Just south of Sicily, Malta is an island nation that has imported and adopted the various cultures that showed up on its shores over the millenia. The first arrivals came from Sicily, bringing agriculture and hunting to what was a human-free area. Much like the mammoth and the sabre-toothed cat, Malta had its own unique fauna which was made extinct by hunting and competition with humans: the Dwarf Hippo and the Dwarf Elephant.
These early settlers built megalithic temples, many of which still stand and are the oldest structures on Malta. The island remained obscure until Phoenician colonisers discovered the island and assimilated the original inhabitants. Situated in the middle of the Mediterranean, Malta was an ideal spot for a trading hub. When the Phoenicians faded from history, Malta fell into the hands of Carthage, a Phoenician colony itself and the same Carthage that would later battle with Rome for control of the Mediterranean.
By the time it fell into the hands of the Romans, Malta was known for its wealth, prosperity and production of high-quality textiles. For most of its history as Romen territory, Malta was exempt from tribute payments and Roman cultural assimilation was a slow process, with Phoenician and Greek influence remaining in its culture and language.
As the Western Roman Empire slowly withered away in the 300s and 400s, Malta was invaded by the Vandals, a seafaring people that carved up an empire on the African coast. When the famous Byzantine general Belisarius took the island in a campaign against the Vandals, the island was again handed over to the Eastern Roman Empire, or the Byzantines as most call them.
The history of Malta under the Byzantines is somewhat obscure, and 300 years later it was swept up in the Islamic Conquests, alongside Sicily, the Iberian Peninsula and much of North Africa. Much of the island was destroyed and eventually conquered by raiders, and the island lost its once-renowned wealth alongside its population. Like many Islamic emirates that existed at the time, a degree of religious freedom was allowed, and agriculture was improved through advanced irrigation techniques developed during a rapid development of technology centred in the Muslim world.
While the Arabs eventually recolonised and restored the island to its former glory, their rule over the island was short-lived. Norman forces under Roger I took the islands and reinstated Christianity, with Malta’s flag being inspired by a possibly apocryphal story of Roger tearing off a part of his banner to give to the Maltese. Over the next few hundred years, Muslims were persecuted and eventually driven out of Malta, in a similar process to the Spanish Reconquista.
The next few hundred years saw Malta fall under the rule of several European states, eventually becoming an outpost of the Knights Hospitaller, a Catholic military order similar to the historical Knights Templar. The Hospitaller had come from Rhodes, an island near the coast of Turkey after the Ottoman Empire had taken it through a bloody siege.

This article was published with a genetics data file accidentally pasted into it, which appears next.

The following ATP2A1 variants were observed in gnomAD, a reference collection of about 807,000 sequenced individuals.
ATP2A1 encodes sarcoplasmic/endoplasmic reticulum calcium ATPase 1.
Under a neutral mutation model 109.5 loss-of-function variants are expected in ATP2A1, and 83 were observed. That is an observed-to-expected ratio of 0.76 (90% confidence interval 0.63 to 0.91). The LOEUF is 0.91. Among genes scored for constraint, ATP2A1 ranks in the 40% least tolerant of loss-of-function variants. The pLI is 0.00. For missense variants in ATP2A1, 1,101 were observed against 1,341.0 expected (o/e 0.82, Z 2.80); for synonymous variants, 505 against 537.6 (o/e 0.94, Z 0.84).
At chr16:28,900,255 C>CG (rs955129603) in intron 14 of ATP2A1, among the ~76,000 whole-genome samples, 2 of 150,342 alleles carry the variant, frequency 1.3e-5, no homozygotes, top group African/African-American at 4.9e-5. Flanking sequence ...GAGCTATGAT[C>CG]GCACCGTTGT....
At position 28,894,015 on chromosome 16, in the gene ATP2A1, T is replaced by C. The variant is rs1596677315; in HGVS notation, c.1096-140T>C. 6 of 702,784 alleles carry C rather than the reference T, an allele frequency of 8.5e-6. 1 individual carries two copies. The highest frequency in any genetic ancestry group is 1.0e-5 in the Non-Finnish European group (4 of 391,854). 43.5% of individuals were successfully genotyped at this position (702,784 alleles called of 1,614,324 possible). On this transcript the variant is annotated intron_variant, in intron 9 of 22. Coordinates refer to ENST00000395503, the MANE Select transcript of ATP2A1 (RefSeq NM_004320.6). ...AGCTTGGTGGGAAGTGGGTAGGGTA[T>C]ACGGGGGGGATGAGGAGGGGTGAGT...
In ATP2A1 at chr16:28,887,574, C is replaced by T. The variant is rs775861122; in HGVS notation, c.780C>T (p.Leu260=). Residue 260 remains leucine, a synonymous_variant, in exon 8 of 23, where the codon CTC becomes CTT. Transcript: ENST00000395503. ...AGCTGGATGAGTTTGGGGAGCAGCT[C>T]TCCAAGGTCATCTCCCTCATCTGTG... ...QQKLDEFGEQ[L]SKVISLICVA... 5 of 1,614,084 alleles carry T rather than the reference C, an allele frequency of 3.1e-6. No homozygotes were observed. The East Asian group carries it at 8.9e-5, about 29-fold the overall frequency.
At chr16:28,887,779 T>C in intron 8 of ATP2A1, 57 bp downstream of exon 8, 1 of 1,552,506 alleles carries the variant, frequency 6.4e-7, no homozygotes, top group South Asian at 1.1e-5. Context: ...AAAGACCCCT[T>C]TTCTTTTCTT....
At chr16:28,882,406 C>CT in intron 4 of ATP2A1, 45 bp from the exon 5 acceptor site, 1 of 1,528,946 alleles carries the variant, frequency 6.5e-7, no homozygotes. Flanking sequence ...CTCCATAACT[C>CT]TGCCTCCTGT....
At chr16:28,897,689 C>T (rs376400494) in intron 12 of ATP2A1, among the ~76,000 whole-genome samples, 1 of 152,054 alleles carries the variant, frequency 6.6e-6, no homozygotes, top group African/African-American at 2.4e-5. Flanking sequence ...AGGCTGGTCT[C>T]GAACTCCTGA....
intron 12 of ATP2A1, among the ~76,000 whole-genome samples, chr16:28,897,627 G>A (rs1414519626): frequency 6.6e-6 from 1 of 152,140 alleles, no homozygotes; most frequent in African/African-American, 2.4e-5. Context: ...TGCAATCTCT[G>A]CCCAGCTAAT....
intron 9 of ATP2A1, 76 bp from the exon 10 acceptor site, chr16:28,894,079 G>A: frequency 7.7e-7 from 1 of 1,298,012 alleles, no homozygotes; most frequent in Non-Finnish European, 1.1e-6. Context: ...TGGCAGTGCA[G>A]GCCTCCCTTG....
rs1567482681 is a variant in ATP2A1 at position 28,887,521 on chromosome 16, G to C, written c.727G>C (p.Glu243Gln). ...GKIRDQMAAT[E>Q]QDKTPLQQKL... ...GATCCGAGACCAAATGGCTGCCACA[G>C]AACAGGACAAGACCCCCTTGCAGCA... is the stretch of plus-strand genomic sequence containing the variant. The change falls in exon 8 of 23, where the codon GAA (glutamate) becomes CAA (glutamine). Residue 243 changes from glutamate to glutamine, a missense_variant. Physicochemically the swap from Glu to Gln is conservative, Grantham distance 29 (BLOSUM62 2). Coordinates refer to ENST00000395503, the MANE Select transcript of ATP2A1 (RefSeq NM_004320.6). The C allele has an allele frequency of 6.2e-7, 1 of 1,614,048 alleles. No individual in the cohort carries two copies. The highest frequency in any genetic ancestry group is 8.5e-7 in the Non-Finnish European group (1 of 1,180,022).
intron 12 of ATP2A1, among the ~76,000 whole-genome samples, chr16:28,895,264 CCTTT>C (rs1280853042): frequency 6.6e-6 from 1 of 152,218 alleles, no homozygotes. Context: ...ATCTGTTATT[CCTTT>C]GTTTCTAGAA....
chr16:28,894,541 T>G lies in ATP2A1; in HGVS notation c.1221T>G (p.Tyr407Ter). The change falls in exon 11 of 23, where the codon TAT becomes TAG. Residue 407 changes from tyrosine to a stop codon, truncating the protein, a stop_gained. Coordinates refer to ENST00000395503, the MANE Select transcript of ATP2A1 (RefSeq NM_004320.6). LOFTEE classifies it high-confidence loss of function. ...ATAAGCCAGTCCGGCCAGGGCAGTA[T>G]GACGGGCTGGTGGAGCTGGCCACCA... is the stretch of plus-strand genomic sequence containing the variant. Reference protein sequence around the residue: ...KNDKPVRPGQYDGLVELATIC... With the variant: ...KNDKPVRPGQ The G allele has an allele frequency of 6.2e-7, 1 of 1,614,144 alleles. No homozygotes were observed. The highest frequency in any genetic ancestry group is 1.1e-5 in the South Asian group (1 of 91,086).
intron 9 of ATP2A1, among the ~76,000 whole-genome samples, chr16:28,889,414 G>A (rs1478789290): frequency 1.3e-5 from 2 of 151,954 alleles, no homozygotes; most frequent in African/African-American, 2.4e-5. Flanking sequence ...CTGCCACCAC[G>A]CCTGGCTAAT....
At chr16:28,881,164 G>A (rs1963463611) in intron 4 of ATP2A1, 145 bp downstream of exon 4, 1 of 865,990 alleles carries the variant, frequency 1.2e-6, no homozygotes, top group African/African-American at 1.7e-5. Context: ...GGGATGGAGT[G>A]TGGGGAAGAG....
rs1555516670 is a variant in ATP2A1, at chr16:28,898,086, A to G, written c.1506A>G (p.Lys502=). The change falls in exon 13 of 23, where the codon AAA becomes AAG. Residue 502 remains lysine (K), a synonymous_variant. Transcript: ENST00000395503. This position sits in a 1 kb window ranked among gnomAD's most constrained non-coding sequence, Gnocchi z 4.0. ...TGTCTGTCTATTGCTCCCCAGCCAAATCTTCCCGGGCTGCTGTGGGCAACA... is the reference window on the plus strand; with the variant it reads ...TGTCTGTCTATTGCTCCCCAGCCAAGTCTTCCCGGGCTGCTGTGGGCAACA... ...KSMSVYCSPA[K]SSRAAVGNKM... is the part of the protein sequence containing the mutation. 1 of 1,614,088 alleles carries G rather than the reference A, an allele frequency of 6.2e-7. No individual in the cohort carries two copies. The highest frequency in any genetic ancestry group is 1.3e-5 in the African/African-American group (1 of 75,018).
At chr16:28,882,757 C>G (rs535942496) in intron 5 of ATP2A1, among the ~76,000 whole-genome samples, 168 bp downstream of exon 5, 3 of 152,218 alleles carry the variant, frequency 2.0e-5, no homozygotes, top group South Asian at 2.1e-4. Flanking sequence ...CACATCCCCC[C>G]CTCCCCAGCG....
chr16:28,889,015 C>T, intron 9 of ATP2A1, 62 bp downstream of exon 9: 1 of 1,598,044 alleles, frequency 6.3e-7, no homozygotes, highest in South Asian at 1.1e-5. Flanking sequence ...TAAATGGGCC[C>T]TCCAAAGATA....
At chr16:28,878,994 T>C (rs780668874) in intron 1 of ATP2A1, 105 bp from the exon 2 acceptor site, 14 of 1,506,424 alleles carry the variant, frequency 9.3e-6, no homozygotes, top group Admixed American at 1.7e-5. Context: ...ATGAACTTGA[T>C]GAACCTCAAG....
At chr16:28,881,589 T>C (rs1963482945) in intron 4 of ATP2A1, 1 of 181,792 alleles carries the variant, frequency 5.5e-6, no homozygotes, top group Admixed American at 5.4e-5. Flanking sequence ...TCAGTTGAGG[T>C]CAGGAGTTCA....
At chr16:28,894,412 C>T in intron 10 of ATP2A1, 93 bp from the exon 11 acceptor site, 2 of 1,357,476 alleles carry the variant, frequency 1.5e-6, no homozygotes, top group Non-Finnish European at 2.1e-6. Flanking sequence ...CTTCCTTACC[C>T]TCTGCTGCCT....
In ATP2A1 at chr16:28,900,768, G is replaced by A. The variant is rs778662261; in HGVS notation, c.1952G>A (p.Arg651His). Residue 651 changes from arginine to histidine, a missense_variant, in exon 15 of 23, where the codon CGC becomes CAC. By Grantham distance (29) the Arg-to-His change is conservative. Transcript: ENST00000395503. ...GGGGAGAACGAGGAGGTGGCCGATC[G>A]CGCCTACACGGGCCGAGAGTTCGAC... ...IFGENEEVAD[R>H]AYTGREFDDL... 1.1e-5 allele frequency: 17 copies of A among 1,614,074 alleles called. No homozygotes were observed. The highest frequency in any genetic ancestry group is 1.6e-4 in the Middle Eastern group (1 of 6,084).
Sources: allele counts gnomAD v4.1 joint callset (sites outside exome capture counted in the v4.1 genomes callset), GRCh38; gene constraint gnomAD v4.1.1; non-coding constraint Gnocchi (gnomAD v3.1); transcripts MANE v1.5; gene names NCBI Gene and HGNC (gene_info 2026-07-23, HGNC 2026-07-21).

The Knights brought both their martial prowess and the animosity of the Ottomans with them to Malta, and in 1565, the Ottomans attempted to take Malta and regain control of the Mediterranean. The Great Siege of Malta concluded with a hard-fought victory for the Christian forces, and the devastating Battle of Lepanto 6 years later shattered the Ottoman Navy, rendering them unable to attack Malta or deal with the increasing pressure placed on them by the various Christian powers. The presence of the Hospitallers allowed for the creation of much of the architecture that dots Valletta, a city named after the Grand Master of the Order.
Things were quiet for much of Malta’s history after the Ottomans were defeated, but its relative isolation from European politics meant that it couldn’t adapt to the radical politics birthed by the French Revolution, which in turn swept through much of the world. The Maltese population no longer thought highly of the Knights, and when Napoleon betrayed them in 1798, Malta was quietly incorporated into the French Empire.
The French soldiers left behind in Malta were eventually as hated as the Knights Hospitaller they had overthrown, mainly due to their contempt for religion, manifested by the ransacking of churches to pay for Napoleon’s military campaigns. Despite this, the French achieved a great deal in Malta for the scant two years they held it: Administrative and judicial reforms, the abolition of slavery, and the development of public education for the majority of Maltese people.
Malta passed from the French to the British, where it became a part of the British Empire. Malta again became an important trade hub after the Suez Canal opened. During the Second World War, the Axis powers tried and failed to capture Malta, subjecting it to a long siege as well as aerial attacks, earning the island nation the George Cross, a civilian decoration for bravery in the face of danger. The George Cross proudly features in the Maltese Flag.
As decolonisation began to define the post-war world, Malta became independent of the British Empire in 1964 through negotiations. Queen Elizabeth II is still the official Head of State, but similar to Canada, the actual government is seperate from the UK’s. Malta entered the European Union in 2004, and adopted the Euro in 2008.
Since then, Malta has become one of the main tourist destinations in the Mediterranean, due to its rich history and distinct culture, produced through thousands of years of peoples and cultures coming and going. Malta is a popular stopping point on a superyacht cruise, with You Charter Direct offering several cruises that pass by the area and other coastal attractions along the Mediterranean Sea.